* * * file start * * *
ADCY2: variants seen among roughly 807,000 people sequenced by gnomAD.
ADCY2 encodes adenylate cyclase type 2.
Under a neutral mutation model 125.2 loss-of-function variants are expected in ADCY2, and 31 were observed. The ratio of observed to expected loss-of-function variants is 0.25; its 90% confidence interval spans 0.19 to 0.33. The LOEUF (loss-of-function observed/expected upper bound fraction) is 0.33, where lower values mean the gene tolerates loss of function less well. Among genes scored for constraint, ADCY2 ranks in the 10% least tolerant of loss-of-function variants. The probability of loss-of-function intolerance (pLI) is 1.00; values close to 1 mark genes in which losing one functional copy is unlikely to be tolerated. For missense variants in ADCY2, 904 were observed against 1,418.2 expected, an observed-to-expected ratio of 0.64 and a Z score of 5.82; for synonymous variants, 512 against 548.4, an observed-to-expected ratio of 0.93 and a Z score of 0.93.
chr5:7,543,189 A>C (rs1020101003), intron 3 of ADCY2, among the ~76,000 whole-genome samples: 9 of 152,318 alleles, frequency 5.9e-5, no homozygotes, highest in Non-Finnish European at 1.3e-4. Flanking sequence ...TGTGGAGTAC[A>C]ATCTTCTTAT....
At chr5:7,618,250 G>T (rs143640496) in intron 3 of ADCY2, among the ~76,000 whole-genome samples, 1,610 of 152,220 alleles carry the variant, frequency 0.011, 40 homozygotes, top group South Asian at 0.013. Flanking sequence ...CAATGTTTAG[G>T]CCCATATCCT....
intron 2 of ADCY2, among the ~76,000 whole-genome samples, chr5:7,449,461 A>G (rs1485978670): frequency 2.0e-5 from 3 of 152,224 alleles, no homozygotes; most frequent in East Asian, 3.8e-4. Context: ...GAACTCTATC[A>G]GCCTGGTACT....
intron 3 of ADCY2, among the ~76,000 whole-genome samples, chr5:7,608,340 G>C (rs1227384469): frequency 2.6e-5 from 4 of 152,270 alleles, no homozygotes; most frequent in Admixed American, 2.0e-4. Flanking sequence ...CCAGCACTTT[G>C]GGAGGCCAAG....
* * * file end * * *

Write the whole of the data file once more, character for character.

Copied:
ADCY2: variants seen among roughly 807,000 people sequenced by gnomAD.
ADCY2 encodes adenylate cyclase type 2.
Under a neutral mutation model 125.2 loss-of-function variants are expected in ADCY2, and 31 were observed. The ratio of observed to expected loss-of-function variants is 0.25; its 90% confidence interval spans 0.19 to 0.33. The LOEUF (loss-of-function observed/expected upper bound fraction) is 0.33, where lower values mean the gene tolerates loss of function less well. Among genes scored for constraint, ADCY2 ranks in the 10% least tolerant of loss-of-function variants. The probability of loss-of-function intolerance (pLI) is 1.00; values close to 1 mark genes in which losing one functional copy is unlikely to be tolerated. For missense variants in ADCY2, 904 were observed against 1,418.2 expected, an observed-to-expected ratio of 0.64 and a Z score of 5.82; for synonymous variants, 512 against 548.4, an observed-to-expected ratio of 0.93 and a Z score of 0.93.
chr5:7,543,189 A>C (rs1020101003), intron 3 of ADCY2, among the ~76,000 whole-genome samples: 9 of 152,318 alleles, frequency 5.9e-5, no homozygotes, highest in Non-Finnish European at 1.3e-4. Flanking sequence ...TGTGGAGTAC[A>C]ATCTTCTTAT....
At chr5:7,618,250 G>T (rs143640496) in intron 3 of ADCY2, among the ~76,000 whole-genome samples, 1,610 of 152,220 alleles carry the variant, frequency 0.011, 40 homozygotes, top group South Asian at 0.013. Flanking sequence ...CAATGTTTAG[G>T]CCCATATCCT....
intron 2 of ADCY2, among the ~76,000 whole-genome samples, chr5:7,449,461 A>G (rs1485978670): frequency 2.0e-5 from 3 of 152,224 alleles, no homozygotes; most frequent in East Asian, 3.8e-4. Context: ...GAACTCTATC[A>G]GCCTGGTACT....
intron 3 of ADCY2, among the ~76,000 whole-genome samples, chr5:7,608,340 G>C (rs1227384469): frequency 2.6e-5 from 4 of 152,270 alleles, no homozygotes; most frequent in Admixed American, 2.0e-4. Flanking sequence ...CCAGCACTTT[G>C]GGAGGCCAAG....